Shareholders Rejoice In Booming Big Tech, But There Are Downsides As Well

by: Shareholders Unite

Stock valuations are very high, especially in the technology sector. However, these are in part driven by powerful platform economics.

These forces confer companies with enormous economic clout and positions that are difficult to assail.

This is visible in the big market leaders like Microsoft, Google, Facebook and Amazon.

As beneficial as such concentration of economic power is for shareholders, it doesn't always align well with the benefits of society.

At some time in the future, this might even produce something of a backlash.

In a previous article we argued that the elevated level of stock valuations are not necessarily a problem. The flattened and elongated business cycle and low bond yields offer sufficient explanation for this even if we do have a problem with the quality of earnings.

However, no part of the stock market is valued more exuberantly than the technology sector, and there are specific reasons for this - it's the emergence of platform economics that provides companies with big economies of scale, scope, and network effects which makes their position nearly unassailable.

It is the four horsemen, Microsoft (NASDAQ:MSFT), Amazon (NASDAQ:AMZN), Facebook (NASDAQ:FB) and Google (NASDAQ:GOOG) that are the biggest beneficiaries of this platform economics which is powering the markets higher. This often leads to enormous valuation premiums, which actually confer additional benefits to these companies.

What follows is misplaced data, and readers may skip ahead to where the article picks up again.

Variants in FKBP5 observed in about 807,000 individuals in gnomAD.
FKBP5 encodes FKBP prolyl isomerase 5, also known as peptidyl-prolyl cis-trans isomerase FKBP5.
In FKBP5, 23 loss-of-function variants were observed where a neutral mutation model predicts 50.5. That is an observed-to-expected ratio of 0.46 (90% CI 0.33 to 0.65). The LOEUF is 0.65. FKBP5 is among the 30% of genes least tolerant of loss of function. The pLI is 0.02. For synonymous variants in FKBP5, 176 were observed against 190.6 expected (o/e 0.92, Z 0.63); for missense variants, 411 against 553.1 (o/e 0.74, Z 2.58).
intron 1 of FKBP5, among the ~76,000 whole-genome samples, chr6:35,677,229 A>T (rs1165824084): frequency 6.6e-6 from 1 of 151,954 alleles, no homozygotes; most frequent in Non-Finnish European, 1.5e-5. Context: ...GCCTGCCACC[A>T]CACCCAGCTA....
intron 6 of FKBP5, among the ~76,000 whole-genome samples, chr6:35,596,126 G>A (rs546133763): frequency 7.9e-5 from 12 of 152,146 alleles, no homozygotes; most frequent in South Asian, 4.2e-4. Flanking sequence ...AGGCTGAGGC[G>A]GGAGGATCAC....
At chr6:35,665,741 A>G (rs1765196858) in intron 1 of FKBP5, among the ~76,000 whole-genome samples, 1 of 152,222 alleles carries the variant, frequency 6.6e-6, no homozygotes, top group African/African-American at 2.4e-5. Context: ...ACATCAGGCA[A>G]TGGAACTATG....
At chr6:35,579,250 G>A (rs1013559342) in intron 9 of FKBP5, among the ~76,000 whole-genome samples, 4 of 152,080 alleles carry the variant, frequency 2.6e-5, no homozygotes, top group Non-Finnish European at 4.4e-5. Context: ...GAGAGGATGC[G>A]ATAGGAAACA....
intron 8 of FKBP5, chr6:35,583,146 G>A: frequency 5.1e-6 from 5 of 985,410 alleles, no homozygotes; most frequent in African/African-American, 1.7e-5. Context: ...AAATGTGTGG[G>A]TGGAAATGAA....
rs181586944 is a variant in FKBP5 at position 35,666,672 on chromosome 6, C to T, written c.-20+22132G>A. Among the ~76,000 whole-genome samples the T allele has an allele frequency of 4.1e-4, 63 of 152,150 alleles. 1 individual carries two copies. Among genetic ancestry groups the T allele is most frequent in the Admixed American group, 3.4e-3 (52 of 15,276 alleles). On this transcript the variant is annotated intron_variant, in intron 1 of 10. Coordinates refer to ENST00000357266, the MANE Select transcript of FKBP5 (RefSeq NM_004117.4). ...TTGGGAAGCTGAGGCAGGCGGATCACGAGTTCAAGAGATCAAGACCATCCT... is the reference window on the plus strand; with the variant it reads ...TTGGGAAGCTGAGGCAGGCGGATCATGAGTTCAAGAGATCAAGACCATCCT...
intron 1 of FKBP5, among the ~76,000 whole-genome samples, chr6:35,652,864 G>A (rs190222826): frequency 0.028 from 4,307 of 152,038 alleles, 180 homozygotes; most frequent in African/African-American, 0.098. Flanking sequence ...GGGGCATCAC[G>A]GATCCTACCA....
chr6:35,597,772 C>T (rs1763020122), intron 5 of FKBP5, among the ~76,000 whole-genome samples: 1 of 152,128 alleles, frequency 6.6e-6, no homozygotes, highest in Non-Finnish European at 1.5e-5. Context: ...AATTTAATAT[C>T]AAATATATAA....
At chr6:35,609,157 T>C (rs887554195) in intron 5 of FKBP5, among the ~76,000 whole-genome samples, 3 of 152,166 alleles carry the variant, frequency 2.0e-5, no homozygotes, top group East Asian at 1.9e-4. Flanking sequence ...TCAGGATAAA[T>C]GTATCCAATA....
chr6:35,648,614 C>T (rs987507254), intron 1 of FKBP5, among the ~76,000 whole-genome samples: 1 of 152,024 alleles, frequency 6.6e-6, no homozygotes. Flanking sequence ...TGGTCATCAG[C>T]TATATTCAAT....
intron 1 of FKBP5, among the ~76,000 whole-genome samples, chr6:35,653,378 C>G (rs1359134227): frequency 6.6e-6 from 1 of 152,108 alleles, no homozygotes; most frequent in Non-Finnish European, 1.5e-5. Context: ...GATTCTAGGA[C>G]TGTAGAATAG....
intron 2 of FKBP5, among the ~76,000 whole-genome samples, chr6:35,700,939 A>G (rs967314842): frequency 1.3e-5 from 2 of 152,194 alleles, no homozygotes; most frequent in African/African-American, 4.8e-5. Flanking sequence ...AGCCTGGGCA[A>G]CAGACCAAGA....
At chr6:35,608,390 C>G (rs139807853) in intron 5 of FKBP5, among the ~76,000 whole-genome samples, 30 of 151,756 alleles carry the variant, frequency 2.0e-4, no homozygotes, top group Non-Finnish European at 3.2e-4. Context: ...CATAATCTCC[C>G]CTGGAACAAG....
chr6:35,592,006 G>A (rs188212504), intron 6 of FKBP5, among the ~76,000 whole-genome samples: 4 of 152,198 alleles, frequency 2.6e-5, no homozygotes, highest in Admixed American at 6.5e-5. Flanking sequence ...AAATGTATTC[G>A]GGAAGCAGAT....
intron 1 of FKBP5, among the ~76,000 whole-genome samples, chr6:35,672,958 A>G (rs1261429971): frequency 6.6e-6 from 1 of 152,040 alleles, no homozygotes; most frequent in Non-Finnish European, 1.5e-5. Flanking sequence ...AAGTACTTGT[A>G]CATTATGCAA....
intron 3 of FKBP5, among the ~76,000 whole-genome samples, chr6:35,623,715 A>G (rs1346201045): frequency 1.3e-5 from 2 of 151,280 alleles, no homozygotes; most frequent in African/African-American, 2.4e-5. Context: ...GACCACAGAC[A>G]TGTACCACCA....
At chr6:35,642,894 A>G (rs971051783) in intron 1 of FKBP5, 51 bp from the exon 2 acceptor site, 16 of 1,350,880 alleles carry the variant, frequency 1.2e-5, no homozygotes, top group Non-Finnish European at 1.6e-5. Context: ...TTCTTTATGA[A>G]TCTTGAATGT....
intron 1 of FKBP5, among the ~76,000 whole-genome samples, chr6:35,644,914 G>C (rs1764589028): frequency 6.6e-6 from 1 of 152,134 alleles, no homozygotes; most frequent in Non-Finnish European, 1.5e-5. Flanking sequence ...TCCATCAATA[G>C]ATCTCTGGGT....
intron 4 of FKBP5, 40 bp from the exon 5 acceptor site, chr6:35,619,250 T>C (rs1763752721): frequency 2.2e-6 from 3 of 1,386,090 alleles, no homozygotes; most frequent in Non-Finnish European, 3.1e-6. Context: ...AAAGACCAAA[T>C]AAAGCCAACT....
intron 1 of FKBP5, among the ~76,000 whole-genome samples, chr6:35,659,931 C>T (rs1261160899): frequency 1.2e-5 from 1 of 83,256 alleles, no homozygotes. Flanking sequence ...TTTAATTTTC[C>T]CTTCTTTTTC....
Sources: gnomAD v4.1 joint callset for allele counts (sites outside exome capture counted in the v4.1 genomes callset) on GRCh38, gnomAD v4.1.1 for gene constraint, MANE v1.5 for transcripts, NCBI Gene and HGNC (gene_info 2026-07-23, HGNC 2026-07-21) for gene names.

For instance, Amazon could simply run a growth business and not worry about earnings as the market would confer it with a stock multiple that other companies can only dream off.

Not only can Amazon issue shares at giant premiums in order to finance whatever it feels like, the investor confidence also largely absolved it from running profits. It hasn't run significant profits until its cloud business took off.

Its ecommerce business can simply run on a break-even basis, giving it a price advantage few competitors can match, as Amazon doesn't have to worry about unhappy shareholders.

Since these platform effects give such powerful increasing returns, these stocks can become terribly expensive but as their positions are near unassailable, this doesn't matter all that much.

This is very nice for investors that worry about high stock valuations as it's driven by tech stocks in general and these platform stocks in particular.


Microsoft is one of these, and it's the oldest platform stock. Its platform originated with Windows, which through a combination of skill and luck (historic errors by the competition), became the dominant operating platform in the PC age.